Tales of Burning Love

by Louise Erdrich

Hardcover, 1996




New York : HarperCollins, 1996


Fiction. Literature. HTML: "Romantic love, religious ecstasy, the strange mixture of devotion and misunderstanding that runs through families�??all are steeped together. The result is a rich and fragrant infusion. . . . [Written] with great poignancy and charm." �?? New York Times Book Review A darkly humorous novel of wild romance and heartbreak set against a raging North Dakota blizzard as five Native American women bond over their shared connection to one man, from award-winning and New York Times bestselling author Louise Erdrich Five very different women have married Jack Mauser, a charming, infuriating schemer whose passions never survive the long haul. Now, stranded in a North Dakota blizzard, they have come face-to-face�??and each has an astonishing story to tell. Huddling for warmth, they pass the endless night by remembering the stories of how each came to love, marry, and ultimately move beyond Jack. At times painful, at times heartbreaking, and oftentimes comic, their tales become the adhesive that holds them together�??in their love for Jack and in their lives as women. With her characteristic powers of observation and luminescent prose, Louise Erdrich brings these women's unforgettable tales to life in a tour de force from one of the most formidable American writers at work… (more)

User reviews

LibraryThing member LibroLindsay
It took me a few years to read this book. It is not the punch-in-the-stomach Erdrich read as most other of her books. There are moments of brilliance, but it takes a bit of patience to get to each in this one. Still, she's one of the few writers that give me pause while reading to admire how much
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she fiercely loves her characters. Even if this isn't my favorite, Erdrich still has the main line to my soul.
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LibraryThing member bookishbunny
This was different from what I expected. I really enjoyed it. It was optisitic without the over-sentimentality into which so many 'relationship' based stories fall.
LibraryThing member llm822
Another great book by Louise Erdrich. Lots of storylines from previous books converge and are seen here from new perspectives. Love it!!
LibraryThing member DrFuriosa
This book is a slow burn but a fascinating entry into Erdrich's Love Medicine series. You will certainly want to read The Bingo Palace first, as this acts as a quasi-sequel. Like, the novel can stand alone, but it works best as a part of the Love Medicine saga that Erdrich has crafted. Jack
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Mauser's former wives all have much to say and they spin out their tales in the middle of a deadly blizzard. It's a simple concept that almost doesn't work at the beginning, but totally does at the end.
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LibraryThing member Cariola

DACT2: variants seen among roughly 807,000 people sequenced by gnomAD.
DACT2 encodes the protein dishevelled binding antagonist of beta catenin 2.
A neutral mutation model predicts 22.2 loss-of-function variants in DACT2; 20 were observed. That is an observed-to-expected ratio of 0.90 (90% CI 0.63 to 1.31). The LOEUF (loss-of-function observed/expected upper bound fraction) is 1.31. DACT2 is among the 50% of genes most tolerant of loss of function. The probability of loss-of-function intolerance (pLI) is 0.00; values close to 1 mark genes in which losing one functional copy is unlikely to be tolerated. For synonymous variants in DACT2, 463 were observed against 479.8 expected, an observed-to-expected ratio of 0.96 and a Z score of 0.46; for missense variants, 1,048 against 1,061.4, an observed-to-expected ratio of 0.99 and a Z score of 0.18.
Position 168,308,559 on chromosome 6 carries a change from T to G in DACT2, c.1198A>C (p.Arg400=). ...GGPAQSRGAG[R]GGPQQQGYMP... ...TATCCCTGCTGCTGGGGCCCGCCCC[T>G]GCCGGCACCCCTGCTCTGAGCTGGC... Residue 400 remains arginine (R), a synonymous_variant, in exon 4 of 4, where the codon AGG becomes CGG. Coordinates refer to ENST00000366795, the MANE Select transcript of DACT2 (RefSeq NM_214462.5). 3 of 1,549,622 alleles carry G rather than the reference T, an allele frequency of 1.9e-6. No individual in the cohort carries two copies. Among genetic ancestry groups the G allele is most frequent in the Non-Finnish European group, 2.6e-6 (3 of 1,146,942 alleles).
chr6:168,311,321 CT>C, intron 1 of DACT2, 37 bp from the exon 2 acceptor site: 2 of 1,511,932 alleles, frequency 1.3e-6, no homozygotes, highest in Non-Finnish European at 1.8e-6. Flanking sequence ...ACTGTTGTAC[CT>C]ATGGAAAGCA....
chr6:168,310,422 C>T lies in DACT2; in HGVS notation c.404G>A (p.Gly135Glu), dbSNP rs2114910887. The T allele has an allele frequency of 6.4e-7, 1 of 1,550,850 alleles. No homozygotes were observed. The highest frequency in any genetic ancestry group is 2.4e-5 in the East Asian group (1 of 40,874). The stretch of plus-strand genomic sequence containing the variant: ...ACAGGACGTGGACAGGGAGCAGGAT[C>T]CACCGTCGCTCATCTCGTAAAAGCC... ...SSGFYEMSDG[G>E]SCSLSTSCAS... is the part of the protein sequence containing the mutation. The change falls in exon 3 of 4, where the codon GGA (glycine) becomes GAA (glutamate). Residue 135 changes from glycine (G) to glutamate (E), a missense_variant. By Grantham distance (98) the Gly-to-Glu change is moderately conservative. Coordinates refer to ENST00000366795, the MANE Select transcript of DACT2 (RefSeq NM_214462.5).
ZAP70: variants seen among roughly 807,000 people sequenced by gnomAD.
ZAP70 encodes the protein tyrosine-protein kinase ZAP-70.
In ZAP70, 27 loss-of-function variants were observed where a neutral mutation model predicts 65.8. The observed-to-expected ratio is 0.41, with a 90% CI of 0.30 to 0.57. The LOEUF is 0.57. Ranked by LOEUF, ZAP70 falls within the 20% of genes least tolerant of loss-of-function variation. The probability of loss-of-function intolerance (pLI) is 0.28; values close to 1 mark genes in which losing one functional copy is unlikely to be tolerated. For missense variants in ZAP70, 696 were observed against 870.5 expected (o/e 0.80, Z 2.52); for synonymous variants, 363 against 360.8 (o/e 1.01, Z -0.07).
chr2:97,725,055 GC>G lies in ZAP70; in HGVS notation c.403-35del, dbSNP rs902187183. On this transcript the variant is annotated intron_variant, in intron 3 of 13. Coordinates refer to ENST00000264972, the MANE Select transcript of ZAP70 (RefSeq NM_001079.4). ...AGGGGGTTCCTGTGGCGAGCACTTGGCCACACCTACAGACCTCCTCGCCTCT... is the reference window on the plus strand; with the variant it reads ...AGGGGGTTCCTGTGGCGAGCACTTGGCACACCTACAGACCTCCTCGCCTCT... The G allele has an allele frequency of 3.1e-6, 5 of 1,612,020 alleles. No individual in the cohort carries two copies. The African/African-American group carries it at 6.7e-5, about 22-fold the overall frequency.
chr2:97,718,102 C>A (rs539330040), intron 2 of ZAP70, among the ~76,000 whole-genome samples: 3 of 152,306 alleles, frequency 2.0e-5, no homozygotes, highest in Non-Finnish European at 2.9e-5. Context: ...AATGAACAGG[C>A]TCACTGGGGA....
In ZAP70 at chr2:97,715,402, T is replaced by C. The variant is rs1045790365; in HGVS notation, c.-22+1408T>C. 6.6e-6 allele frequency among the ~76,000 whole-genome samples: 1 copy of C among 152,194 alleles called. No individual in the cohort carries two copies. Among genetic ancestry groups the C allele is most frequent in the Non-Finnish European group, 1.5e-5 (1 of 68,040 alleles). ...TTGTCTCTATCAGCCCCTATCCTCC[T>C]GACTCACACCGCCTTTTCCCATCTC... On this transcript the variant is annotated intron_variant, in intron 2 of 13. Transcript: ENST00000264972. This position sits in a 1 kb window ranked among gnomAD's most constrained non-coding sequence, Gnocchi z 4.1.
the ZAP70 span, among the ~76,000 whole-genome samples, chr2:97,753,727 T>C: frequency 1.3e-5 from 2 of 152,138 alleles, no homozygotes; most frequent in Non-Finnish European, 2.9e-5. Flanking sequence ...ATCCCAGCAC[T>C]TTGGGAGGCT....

Depending on how you looks at it, Jack Mauser hasn't been lucky in love (or in much else, or that matter): he has been married five times. He met his first wife, June, in a bar and asked her to marry him that same night. Following an argument, June walked off into a snowstorm. It's hard to say
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whether she got lost or committed suicide, but Jack is haunted by the fact that he didn't follow her. Eleanor was an emotionally fragile self-proclaimed scholar who focused on saints and religious ecstasy and eventually retreated into a convent to conduct research and her own spirituality. He met his third wife, a dentist named Candace, when a toothache hit and dental reconstruction ensued. As with June, Jack met his fourth and much younger wife, Marliss, in a bar, where she was not a customer but a server. She was to become the mother of his only child. Dot, Jack's last wife, just may have been a bigamist, albeit unknowingly. Her husband was serving jail time, escaped, and disappeared following a small plane crash.

The first half of the book details events in Jack's life and the bare bones of each marriage. He started out working on his uncle's sunflower seed farm but eventually veered into construction, investing in a rather shady scheme to build a subdivision. He has had almost as much trouble with the law as with his wives. But the story really kicks off after his wives attend his funeral (even though there is no body) and they become stranded together, along with a hitchhiker, in a car in the middle of a dangerous North Dakota snow storm. We've heard Jack's side of the story; now we are about to hear theirs. And despite many disappointments, each woman still loves Jack in her own way.

There's a lot more to the story (or "tales," as the title calls them), but I'll leave all the details and resolutions for you to discover. As usual, Erdrich's characters are all Native Americans, and a few that are familiar in earlier books reappear. Overall, I enjoyed the novel, which at times was sad but more often very funny. My only criticism is that it seemed unnecessarily long, and my attention often wandered. But I'm glad I didn't give up on Tales of Burning Love.
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Minnesota Book Awards (Finalist — Novel — 1997)



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